One familiar phrase I often use when in a position to share information is: ‘I feel the world more than I can articulate the world.’ I may say it in some settings because I’m self-conscious and I want to make sure I address my ‘qualifiers’ to avoid judgement from others. (Same thinking as when someone comes into your space and you explain why it’s messy assuming they will notice and think less of you).
Another reason I open with the statement is to align with others who have the same experience. To validate those who also feel things, but can’t find the words and feel silly when they do attempt to express themselves.
I’m wrapping up this past decade of my life and recognize that there are some very clear patterns that began when I turned 40. Dates and time frames are difficult for me. The turning of 40 seems to include some specifics relevant to my own trajectory of change and personal growth.
For a variety of reasons, ‘in the beginning’ (considering a timeline between age 40 and 50) I became interested in TED talks.
I recall feeling more intelligent after watching a talk, so I wanted to watch more – especially the really popular ones. Back then I think there were several TEDs that really stood out: Brene Brown, Ken Robinson, Simon Sinek all come to mind. I’m not sure if Daniel Pink made this list, but I was introduced to him via trending TED talks.
Daniel Pink said something at the end of one talk that has continued to swirl in my mind space. He said something like: ‘it is the age of the right brain thinker, and this comes from a left brain interpreter.’
Obviously, as a human it feels good to be validated.
Another thing that happened early on in this decade timeline was exposure to a training on a program named Emergenetics. I was pulled into a ‘train the trainer’ three day intensive as part of a team I worked with who wanted to present the program to staff. I was confused throughout the training because I didn’t understand what I was part of – it was yet another experience of ‘learning to ski at Vail’. It was beyond my ability to grasp, which made it difficult and uncomfortable.
The takeaway I had during the training was exposure to what was categorized as a conceptual thinking preference. In Emergenetics world, conceptual is ‘yellow’. I am emotional as I type this. I recall this new knowledge settling into a broader understanding, so many self-deprecating beliefs instantly illuminated. At once I felt both validated and incredibly saddened. I was 40 y/o or close and just realizing it was okay to understand the world in a way that was different than (what seemed to be) ‘most’.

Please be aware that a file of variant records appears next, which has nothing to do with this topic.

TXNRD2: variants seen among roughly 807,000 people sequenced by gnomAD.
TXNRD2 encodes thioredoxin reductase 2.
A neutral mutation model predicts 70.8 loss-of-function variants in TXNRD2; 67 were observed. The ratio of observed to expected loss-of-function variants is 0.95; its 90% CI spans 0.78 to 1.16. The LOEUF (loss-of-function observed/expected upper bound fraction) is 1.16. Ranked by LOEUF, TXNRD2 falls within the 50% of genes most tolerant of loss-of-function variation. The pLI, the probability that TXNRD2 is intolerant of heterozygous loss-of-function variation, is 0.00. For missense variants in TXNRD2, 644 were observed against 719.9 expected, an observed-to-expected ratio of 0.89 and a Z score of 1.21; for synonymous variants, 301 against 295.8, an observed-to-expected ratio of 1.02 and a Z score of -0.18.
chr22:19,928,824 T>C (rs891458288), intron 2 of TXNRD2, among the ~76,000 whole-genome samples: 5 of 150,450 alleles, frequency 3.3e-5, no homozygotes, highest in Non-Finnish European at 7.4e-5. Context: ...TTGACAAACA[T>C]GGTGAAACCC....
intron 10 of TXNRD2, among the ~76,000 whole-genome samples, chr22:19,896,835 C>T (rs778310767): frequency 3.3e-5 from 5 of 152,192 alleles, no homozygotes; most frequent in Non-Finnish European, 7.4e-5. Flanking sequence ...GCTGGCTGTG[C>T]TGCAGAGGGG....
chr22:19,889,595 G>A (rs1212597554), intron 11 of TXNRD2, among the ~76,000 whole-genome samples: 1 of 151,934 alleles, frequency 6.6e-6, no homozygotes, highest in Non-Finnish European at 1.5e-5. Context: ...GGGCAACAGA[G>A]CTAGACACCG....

One explanation of this ‘yellow’ thinking preference: you can connect the dots no matter how far apart. This singular explanation enlightened my own sense of self and contributed to a decade long journey of deconstructing life experience as not fixing what is wrong, but rather validating what is right. You have your own unique expression.
Daniel Pink introduced me to the word autonomy.
The Industrial Revolution had its part in the growth of developed civilization. Mechanistic thinking is helpful. Mechanistic, or linear, thinking is not whole.
I’m not sure what inspired me to think of Daniel Pink and listen to his 2009 TED talk on motivation this morning. I wanted to relisten to the talk where he validated ‘the age of the right brain thinker’ – or, the age of the creative. I really wanted to validate my own reasoning and if I did hear him say that a decade ago.
Ideas that popularize do not appear in an instant. Not ideas that lead to meaningful shifts and a broadened paradigm of collective reasoning. Someone, manyone, reference the analogy of a seed planted and the time it takes for that seed to reach the surface; and then from there to grow into itself and share the abundance of goodness that was coded into the original seed.
Carrots and sticks.
Not the enemy.
The sweet spots.
Grades. Bank Account. Acquisitions.
Does a shift in perspective create a shift in one’s perception of reality?
Yes. Yes it does.
You are coded for goodness and contribution to the something more.